Tuesday, December 31, 2013

Not So Fast! The 2013 and 2014 ARC Reading Challenge

One more wrap-up to do.

Here I was thinking I'd finally got all my 2013 reading challenges wrapped up.  Well, all the ones that needed wrapping, anyway.  But it seems I've still got one more to do — the 2013 ARC Reading Challenge.  And since I'm going to join up for the 2014 edition as well, I'm just going to let this post serve double duty as a wrap-up/sign-up post.  OK?  OK.

Well, for the 2013 ARC Challenge, I signed up at the Bronze Level — I had about a dozen books to read and fully intended to get through them all by the end of the year.  Silly me.  I ended the year with more than two dozen ARCs/galley proofs/books from publishers/etc. — and read fewer than half of those.  I'm not going to list all the books here, but I've got them all listed on my challenge blog (HERE), so you can take a look at the titles if you'd like.

OK, I think that's a wrap.  Many thanks to Teddy Rose @ So Many Precious Books, So Little Time for doing such a magnificent job of hosting.

And...thanks to Teddy Rose for hosting again in 2014.  

For the 2014 ARC Reading Challenge, I'm throwing caution to the wind and signing up at the Silver Level (Read 24 ARCs).  I've already got at least 24 books that qualify and that I really, really need to get read and reviewed.  And I can pretty much assure myself that I WILL be acquiring more as the year goes on.

And that's my sign-up post.  During the year I'll be tracking my progress over on my challenge blog (HERE).  Now I just need to get back to my reading.

Happy New Year, everyone! And happy reading in Twenty-Fourteen!

Monday, December 30, 2013

The Rest of the Wrap-Ups: 2013 Reading Challenges

Hosted by Amy @ The Crafty Book Nerd (now A Bookish Girl)

I read 13 books for the 2013 Mystery/Crime Challenge, but didn't manage to review them all.  Here's my list (with links to reviews):
  1. Cat on the Scent. Rita Mae Brown
  2. The Lost Symbol. Dan Brown
  3. Cold Remains. Sally Spedding
  4. Guilt. Jonathan Kellerman
  5. Fer-de-Lance. Rex Stout 
  6. A Fearful Madness. Julius Falconer
  7. Inferno. Dan Brown
  8. Death By a HoneyBee. Abigail Keam
  9. A Fatal Likeness. Lyn Shepherd 
  10. The Book of Secrets. Elizabeth Joy Arnold
  11. Night Film. Marisha Pessl 
  12. Double Indemnity. James M. Cain
  13. Evil Under the Sun. Agatha Christie

Hosted by The Book Vixen

For the 2013 Outdo Yourself Reading Challenge, I signed up at the "Out of Breath" level, and aimed to read 6-10 more books than I read in 2012.  As it turned out, I didn't quite make that goal.  But I read a total of 39 books, which was four more than I read last year; so I'm considering this a pretty successful challenge.  I won't list all the books here, but I've got a list over on my challenge blog if you want to take a look at the titles.

Hosted by Bev @ My Readers Block

OK, I completely wiped out with this challenge.  I just never really got going with this one; never even got my "scattergories" figured out - so I'm admitting total defeat.  Sometimes these things happen.  I do apologize to Bev who did a great job of hosting.  I've already signed up for her 2014 Vintage Mystery Bingo Challenge, and I promise to try and do a better job with that one.  (Seriously!)

Hosted by Beth Fish Reads

Here's what I read for the What's in a Name 6 Reading Challenge (with links to reviews):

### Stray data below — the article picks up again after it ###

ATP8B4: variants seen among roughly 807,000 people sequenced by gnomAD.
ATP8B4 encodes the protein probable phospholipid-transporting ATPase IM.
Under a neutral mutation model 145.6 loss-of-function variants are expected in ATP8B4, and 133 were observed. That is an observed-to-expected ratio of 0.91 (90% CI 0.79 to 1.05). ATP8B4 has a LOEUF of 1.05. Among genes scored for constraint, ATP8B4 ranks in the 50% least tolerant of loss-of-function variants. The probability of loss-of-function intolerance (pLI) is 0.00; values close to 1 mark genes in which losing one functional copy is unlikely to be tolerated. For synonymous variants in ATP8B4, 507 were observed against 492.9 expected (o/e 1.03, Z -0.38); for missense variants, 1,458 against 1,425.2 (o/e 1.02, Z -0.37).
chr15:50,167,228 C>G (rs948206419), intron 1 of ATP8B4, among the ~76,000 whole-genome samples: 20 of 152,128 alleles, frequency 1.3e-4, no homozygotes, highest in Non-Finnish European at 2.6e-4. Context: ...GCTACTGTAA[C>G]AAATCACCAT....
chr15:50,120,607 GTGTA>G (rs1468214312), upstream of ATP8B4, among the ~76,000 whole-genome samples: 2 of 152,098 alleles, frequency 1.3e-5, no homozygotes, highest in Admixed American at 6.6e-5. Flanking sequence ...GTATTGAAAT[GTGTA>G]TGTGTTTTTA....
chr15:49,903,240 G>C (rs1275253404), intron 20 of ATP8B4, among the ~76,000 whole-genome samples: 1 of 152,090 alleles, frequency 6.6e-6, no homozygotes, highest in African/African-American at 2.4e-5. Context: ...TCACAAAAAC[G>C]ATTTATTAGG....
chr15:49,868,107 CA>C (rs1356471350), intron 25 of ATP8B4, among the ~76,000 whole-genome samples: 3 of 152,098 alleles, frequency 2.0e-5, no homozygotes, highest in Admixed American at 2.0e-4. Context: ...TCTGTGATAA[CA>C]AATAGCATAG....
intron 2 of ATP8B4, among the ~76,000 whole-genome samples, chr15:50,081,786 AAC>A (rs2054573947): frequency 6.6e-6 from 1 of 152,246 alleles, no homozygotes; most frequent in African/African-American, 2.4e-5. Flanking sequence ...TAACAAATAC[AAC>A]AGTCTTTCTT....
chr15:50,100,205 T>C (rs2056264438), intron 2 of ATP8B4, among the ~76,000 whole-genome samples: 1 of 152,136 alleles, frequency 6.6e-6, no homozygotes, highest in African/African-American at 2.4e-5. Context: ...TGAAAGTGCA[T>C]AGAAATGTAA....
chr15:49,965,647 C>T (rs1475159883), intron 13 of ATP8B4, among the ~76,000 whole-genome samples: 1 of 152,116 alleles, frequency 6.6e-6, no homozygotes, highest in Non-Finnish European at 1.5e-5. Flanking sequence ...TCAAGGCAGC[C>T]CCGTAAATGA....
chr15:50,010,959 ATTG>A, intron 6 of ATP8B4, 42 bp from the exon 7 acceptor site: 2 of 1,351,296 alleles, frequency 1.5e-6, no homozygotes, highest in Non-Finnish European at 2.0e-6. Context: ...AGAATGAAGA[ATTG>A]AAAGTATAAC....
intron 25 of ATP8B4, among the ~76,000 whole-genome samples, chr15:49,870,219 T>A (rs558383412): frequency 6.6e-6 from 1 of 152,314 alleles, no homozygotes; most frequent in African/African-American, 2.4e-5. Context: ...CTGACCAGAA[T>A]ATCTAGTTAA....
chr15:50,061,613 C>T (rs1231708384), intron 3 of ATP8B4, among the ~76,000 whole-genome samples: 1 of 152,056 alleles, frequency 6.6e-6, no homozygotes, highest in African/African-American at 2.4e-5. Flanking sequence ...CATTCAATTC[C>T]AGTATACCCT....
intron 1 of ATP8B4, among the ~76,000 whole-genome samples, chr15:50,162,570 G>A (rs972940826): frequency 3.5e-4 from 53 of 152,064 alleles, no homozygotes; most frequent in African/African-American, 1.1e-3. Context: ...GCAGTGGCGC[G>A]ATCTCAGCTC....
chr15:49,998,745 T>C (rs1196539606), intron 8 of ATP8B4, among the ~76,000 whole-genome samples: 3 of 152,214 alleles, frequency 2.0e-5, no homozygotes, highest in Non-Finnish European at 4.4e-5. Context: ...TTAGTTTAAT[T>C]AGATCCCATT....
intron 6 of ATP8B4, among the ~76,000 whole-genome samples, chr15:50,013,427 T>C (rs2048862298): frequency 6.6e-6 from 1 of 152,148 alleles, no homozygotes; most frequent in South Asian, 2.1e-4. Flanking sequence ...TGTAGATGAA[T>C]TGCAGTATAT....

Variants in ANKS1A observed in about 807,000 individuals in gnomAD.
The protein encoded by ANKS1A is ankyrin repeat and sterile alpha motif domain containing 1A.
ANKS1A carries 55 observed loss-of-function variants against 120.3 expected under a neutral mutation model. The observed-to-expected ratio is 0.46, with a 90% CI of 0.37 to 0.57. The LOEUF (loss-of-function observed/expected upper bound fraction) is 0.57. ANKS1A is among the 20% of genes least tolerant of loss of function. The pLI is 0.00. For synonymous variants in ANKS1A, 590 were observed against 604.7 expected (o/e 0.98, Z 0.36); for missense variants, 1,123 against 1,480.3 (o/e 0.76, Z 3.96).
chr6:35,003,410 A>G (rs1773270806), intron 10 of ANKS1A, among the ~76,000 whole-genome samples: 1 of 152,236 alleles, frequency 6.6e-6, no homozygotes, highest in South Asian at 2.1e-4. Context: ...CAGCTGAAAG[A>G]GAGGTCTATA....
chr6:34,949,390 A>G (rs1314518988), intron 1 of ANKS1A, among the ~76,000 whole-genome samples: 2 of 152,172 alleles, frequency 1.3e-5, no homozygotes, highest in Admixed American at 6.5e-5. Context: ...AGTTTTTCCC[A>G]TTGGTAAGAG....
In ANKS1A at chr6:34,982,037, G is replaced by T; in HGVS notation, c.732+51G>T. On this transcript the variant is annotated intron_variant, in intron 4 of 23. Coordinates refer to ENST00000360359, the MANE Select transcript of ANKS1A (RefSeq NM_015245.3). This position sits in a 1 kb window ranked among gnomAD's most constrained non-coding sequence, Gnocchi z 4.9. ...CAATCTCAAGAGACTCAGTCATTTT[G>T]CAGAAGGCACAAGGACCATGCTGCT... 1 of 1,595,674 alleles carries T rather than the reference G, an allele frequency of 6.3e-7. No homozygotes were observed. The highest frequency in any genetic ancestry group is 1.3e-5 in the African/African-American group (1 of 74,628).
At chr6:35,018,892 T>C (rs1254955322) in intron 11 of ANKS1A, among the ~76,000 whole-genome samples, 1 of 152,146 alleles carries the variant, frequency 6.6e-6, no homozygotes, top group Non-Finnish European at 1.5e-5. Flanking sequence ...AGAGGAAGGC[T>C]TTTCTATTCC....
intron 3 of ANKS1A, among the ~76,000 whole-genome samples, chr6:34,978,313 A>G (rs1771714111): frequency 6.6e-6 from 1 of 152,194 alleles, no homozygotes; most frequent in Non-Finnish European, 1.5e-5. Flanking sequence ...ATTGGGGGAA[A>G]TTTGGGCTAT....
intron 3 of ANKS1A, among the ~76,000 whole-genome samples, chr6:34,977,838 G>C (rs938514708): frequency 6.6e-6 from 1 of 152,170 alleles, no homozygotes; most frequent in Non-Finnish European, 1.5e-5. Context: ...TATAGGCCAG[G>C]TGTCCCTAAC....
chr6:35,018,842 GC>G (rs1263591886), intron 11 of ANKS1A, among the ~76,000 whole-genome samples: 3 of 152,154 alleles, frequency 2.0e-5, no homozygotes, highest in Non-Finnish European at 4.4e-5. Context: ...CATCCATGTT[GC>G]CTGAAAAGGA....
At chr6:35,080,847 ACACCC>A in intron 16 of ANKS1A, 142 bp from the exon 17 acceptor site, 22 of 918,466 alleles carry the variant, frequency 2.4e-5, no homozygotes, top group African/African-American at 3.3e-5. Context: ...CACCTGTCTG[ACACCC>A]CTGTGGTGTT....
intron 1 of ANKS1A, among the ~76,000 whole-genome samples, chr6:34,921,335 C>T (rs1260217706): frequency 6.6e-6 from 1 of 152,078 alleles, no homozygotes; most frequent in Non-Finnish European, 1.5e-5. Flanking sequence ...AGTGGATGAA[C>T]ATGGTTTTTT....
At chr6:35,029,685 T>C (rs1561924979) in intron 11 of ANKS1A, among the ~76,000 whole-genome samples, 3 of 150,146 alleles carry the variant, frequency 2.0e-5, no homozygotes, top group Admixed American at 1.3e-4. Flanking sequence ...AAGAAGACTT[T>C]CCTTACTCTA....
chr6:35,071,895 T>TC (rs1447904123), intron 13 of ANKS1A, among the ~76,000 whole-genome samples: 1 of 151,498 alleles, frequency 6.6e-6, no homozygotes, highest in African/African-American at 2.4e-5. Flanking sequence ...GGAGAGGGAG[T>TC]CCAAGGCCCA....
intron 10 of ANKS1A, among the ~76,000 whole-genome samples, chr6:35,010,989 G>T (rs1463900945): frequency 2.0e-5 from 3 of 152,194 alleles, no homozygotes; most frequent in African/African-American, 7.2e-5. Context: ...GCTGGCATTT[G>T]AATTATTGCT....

• Category #1 (a book with up or down or equivalent in title):
    Evil Under the Sun
    . Agatha Christie
  • Category #2 (a book with something you'd find in your kitchen in the title):
    Death By a HoneyBee
    . Abigail Keam
  • Category #3 (a book with a party or celebration in the title):
    The Shooting Party
    . Isabel Colegate
  • Category #4 (a book with fire or equivalent in the title):
    The Heat of the Sun
    . David Rain (See Review)
  • Category #5 (a book with an emotion in the title):
    The Happy Hollisters
    . Jerry West (See Review)
  • Category #6 (a book with lost or found in the title):
    The Lost Symbol
    . Dan Brown (See Review)
This has always been one of my favorite challenges, and I'm really sorry I didn't get more reviews written.  But I did read a book for each category, so for me it was a total success.  Especially since it helped me discover one of my new favorite writers, Isabel Colegate.

Well .... I think that's about it for my 2013 challenges.  All the hosts deserve a huge thank-you for doing such great work.  These challenges (even the ones I fail at completely) do keep me reading - my books-per-year count has definitely gone up since I've been joining them.  So I'll keep on signing up.  Which reminds me - I still have a few more sign-up posts to write!

Sunday, December 29, 2013

2014 Quick Fix Challenge


Dates: January 1 - December 31, 2014
Hosted by: Jessie @ Jessie's Book Place

Does it seem to you that books are getting longer and longer?  Do you ever find yourself asking "Whatever happened to those beings we used to call editors?"  Of course, sometimes I love a good, long read.  But I've read so many "chunksters" lately, I think they're starting to sort of slow me down - and at the rate I read, I can't afford to let anything slow me down.  So....

I had already decided to do something like this on my own in 2014, and then I discovered there's actually a reading challenge based on the idea.  Jessie @ Jessie's Book Place is hosting the Quick Fix Challenge, for readers who want to read some shorter books (fewer than 300 pages) - definitely a challenge I need.  So I'm signing up at the second level ("Paperclips" - read 15 books).  You can sign up for the challenge, and read all the guidelines, over on the announcement page HERE.  I don't know yet what books I'll be reading for the challenge, but during the year I'll be tracking my progress on my challenge blog (HERE), and (if I can remember!) here:
  1. Coup de Grâce. Marguerite Yourcenar (151 pages)
  2. The Only Problem. Muriel Spark (188 pages)
  3. Fog Magic. Julia L. Sauer (104 pages)
  4. Andrew's Brain. E.L. Doctorow (200 pages)
  5. The Book Boy. Joanna Trollope (94 pages)
  6. The Thief of Always. Clive Barker (288 pages)
  7. The Litter of the Law. Rita Mae Brown (233 pages)
  8. Midnight in Europe. Alan Furst (272 pages
  9. The Antiquarian. Gustavo Faverón Patriau (240 pages